The growth in patient spending has been fueled by the emergence of high-deductible health plans, which are saddling consumers with increasingly large financial obligations. According to CMS figures cited in the report, the average deductible for covered workers with single coverage has doubled over the past several years, from $735 in 2010 to $1.487 in 2016.

But despite the increasing importance of consumers as healthcare payers, providers don’t seem to be doing enough to inform them about costs. More than 90% of consumers would like to know what the payment responsibility is prior to a provider visit, but they often don’t find out what they owe until they get a bill. What makes things worse is that very few consumers (7%) even know what a deductible, co-insurance and out-of-pocket maximum are, so they’re ill-prepared to understand bills when they receive them, studies have found.

Providers are waiting longer to collect what they are owed by patients, with three-quarters waiting a month or longer to collect outstanding balances from patients. And problems with collecting patient accounts are getting worse over time.  In fact, a new study from TransUnion Healthcare found that about 68% of patients with bills of $500 or less didn’t pay off the full balance during 2016, up from 49% in 2014.

Meanwhile, patient financial responsibility for care has risen from 10% to 30% of costs over the last few years, with more increases likely. This has led to expanding levels of consumer bad debt for medical expenses.

In attempt to cope with these issues, providers are buying new revenue cycle management systems. A survey released last year by Black Book Research, which included 5,000 management and user-level RCM clients, found that many healthcare organizations are rethinking RCM technology and demanding better performance.

Forty-eight percent of responding CFOs told Black Book that they weren’t sure they had the budget they needed to upgrade to an end-to-end RCM system this year.  Nonetheless, 93% of CFOs said they planned to eliminate RCM vendors, financial and coding technology firms, that are not producing a return on investment, up from 79% with similar plans in Q4 2015.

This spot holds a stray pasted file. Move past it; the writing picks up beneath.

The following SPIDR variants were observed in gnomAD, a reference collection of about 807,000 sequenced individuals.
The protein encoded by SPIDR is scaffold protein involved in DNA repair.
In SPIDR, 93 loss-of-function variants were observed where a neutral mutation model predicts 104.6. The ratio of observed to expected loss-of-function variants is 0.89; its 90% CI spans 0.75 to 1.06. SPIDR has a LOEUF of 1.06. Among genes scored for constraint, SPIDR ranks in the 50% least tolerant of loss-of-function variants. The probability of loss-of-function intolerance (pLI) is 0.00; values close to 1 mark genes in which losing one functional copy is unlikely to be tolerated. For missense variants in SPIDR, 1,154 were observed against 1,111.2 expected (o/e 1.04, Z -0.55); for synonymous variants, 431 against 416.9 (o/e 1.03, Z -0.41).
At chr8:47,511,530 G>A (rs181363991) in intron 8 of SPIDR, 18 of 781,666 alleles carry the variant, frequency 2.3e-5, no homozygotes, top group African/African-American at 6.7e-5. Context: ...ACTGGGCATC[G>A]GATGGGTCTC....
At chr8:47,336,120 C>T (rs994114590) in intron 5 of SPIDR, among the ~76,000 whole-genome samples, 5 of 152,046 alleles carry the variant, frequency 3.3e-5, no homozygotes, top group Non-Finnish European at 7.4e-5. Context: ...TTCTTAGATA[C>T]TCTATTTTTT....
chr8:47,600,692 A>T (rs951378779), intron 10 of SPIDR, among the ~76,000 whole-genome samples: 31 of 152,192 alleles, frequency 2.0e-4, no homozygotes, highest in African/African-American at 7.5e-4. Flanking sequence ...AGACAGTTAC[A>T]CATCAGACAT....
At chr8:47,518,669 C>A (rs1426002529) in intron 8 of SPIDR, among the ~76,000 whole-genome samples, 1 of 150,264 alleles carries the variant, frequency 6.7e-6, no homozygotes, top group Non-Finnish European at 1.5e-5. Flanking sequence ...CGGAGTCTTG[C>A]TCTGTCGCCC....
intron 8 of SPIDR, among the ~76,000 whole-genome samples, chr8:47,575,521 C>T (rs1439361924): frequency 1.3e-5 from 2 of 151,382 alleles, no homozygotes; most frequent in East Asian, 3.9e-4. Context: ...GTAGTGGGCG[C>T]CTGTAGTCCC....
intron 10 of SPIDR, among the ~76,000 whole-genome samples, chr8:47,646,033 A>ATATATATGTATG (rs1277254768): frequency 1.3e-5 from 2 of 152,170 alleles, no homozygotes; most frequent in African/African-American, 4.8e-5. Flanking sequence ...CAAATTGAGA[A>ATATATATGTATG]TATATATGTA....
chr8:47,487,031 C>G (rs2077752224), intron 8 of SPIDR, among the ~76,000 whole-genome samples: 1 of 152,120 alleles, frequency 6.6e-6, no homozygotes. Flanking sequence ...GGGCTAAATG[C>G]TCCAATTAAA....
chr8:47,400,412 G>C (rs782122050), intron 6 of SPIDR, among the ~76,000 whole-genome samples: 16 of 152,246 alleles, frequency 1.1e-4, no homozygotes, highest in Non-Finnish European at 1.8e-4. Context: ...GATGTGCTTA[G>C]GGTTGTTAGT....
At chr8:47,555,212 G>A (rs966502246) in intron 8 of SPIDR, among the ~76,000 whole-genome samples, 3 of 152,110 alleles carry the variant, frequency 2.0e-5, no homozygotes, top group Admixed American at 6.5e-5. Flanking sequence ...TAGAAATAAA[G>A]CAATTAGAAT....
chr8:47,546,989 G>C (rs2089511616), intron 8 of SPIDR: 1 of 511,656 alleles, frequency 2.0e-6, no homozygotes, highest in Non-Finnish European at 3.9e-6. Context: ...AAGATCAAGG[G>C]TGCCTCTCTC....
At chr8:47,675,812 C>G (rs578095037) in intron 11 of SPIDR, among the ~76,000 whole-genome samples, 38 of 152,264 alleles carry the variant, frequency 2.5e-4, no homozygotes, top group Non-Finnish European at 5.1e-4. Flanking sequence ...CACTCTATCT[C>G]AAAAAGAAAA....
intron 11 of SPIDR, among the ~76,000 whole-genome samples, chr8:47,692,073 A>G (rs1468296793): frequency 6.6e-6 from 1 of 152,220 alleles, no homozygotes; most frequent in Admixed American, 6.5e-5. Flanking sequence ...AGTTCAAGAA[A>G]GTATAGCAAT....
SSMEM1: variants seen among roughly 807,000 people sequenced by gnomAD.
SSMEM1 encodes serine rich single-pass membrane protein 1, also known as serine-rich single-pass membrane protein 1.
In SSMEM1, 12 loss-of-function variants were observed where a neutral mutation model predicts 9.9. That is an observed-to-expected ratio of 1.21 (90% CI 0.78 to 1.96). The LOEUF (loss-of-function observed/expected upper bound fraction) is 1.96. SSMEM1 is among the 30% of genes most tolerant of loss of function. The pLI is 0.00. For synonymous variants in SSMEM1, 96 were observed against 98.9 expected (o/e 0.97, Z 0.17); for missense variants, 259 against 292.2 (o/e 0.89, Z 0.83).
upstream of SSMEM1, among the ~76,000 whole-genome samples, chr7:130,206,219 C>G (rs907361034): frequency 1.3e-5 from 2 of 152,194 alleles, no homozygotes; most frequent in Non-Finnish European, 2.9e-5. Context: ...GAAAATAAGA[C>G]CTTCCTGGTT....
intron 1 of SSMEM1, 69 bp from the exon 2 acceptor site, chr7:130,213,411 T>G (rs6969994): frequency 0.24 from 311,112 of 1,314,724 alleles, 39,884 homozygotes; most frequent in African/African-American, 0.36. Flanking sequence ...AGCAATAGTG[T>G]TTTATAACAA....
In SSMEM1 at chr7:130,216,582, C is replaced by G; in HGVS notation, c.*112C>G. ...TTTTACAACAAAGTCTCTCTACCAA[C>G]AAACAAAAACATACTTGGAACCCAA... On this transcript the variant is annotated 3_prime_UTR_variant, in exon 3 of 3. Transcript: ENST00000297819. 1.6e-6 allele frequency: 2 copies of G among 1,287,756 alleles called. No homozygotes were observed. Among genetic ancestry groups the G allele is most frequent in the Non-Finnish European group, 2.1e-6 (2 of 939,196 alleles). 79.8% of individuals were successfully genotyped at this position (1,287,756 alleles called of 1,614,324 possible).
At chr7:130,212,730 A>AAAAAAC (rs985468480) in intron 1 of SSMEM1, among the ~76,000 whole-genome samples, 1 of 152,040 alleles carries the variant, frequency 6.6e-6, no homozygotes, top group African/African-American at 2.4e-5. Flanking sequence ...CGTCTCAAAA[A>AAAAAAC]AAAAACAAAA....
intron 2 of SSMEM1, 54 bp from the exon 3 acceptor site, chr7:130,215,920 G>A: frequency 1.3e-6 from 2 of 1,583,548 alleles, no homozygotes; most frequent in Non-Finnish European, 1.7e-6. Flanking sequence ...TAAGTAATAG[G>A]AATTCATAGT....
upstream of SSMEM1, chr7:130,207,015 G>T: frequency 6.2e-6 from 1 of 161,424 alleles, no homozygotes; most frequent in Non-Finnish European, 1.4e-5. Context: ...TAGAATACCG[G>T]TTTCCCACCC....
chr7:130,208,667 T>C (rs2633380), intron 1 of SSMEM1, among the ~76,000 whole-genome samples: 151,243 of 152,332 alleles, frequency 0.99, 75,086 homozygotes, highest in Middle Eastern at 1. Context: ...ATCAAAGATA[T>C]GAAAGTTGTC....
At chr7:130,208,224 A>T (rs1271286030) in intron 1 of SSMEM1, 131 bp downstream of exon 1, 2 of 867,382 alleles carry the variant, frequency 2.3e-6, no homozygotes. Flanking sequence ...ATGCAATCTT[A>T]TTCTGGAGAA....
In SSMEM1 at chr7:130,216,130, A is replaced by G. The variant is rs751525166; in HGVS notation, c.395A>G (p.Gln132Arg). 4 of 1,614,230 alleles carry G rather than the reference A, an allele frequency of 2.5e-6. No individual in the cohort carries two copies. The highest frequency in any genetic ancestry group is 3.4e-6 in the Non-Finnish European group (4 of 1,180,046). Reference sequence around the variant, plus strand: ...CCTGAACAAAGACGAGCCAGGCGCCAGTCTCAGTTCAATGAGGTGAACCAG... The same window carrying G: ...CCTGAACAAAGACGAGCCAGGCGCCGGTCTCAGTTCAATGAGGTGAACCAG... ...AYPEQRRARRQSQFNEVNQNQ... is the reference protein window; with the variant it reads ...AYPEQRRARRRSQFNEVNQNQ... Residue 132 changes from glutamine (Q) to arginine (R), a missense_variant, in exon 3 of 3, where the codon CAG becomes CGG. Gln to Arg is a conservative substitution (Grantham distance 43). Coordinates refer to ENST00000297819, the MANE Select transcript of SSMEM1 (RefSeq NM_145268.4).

In addition to investing in newer RCM technology, providers are making it easier for patients to pay via whatever medium they choose. Not only are providers issuing bill reminders via text, and accepting payments online and by phone, they’re also adding new channels like PayPal payments, bank transfers and mobile payments.

Healthcare CIOs Focus On Optimizing EMRs

Posted on March 30, 2017 I Written By

Anne Zieger is a healthcare journalist who has written about the industry for 30 years. Her work has appeared in all of the leading healthcare industry publications, and she's served as editor in chief of several healthcare B2B sites.

Few technical managers struggle with more competing priorities than healthcare CIOs. But according to a recent survey, they’re pretty clear what they have to accomplish over the next few years, and optimizing EMRs has leapt to the top of the to-do list.

The survey, which was conducted by consulting firm KPMG in collaboration with CHIME, found that 38 percent of CHIME members surveyed saw EMR optimization as their #1 priority for capital investment over the next three years.  To gather results, KPMG surveyed 122 CHIME members about their IT investment plans.

In addition to EMR optimization, top investment priorities identified by the respondents included accountable care/population health technology (21 percent), consumer/clinical and operational analytics (16 percent), virtual/telehealth technology enhancements (13 percent), revenue cycle systems/replacement (7 percent) and ERP systems/replacement (6 percent).

Meanwhile, respondents said that improving business and clinical processes was their biggest challenge, followed by improving operating efficiency and providing business intelligence and analytics.